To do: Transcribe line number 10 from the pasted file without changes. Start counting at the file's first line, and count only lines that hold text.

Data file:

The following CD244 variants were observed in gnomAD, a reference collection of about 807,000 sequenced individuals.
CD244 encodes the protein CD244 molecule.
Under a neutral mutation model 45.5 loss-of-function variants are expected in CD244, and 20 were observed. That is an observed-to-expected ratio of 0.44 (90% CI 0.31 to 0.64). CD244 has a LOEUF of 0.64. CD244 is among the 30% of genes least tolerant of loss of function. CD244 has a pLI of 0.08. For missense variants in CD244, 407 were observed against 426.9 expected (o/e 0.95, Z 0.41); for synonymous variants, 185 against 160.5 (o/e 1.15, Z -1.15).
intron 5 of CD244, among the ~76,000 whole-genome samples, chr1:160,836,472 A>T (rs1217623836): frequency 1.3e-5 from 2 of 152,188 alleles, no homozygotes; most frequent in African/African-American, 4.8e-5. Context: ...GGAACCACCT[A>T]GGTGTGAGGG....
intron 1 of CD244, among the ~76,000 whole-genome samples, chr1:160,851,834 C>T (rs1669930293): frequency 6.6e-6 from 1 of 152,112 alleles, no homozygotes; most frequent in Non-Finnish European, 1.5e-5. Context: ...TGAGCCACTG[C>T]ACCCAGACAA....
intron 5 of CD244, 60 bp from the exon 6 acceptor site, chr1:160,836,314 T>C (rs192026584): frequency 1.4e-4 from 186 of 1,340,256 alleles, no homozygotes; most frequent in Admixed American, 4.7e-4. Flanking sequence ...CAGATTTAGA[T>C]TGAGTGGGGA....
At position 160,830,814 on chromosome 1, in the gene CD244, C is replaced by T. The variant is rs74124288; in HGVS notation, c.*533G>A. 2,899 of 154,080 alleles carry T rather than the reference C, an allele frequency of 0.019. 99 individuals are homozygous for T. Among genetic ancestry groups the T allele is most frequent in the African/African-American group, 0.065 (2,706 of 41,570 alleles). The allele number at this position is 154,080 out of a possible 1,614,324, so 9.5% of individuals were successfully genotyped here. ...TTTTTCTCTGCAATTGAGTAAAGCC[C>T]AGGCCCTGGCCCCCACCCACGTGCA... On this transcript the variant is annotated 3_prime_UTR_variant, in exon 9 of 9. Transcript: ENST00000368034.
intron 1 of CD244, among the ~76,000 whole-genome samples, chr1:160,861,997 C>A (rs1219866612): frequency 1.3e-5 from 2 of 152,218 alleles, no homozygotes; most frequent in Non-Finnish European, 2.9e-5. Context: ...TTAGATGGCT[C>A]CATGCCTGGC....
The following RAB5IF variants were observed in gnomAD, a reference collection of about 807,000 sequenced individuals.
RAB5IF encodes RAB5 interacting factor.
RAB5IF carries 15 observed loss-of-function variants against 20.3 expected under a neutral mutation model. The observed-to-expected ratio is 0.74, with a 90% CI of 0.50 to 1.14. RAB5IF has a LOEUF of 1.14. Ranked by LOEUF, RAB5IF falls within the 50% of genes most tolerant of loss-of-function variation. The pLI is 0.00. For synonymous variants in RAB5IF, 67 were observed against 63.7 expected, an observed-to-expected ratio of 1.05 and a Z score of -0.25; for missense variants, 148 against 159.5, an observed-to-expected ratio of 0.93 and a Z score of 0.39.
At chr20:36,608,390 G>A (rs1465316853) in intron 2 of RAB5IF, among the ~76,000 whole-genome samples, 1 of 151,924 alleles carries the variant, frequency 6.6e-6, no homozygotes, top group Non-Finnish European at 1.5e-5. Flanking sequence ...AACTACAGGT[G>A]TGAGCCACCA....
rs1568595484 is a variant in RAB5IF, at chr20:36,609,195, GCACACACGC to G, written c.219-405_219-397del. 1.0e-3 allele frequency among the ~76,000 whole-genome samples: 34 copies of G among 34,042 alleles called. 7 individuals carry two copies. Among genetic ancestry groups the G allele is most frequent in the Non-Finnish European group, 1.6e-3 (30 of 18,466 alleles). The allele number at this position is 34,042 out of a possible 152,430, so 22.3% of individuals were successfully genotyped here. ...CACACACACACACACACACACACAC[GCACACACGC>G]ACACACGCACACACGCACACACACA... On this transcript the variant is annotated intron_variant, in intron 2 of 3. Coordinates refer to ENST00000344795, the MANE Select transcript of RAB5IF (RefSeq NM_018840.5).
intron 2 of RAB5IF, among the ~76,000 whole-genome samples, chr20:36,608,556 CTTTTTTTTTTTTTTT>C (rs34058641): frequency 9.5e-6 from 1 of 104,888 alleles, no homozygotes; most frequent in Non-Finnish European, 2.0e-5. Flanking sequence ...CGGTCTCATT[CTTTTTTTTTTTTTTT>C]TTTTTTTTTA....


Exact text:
RAB5IF encodes RAB5 interacting factor.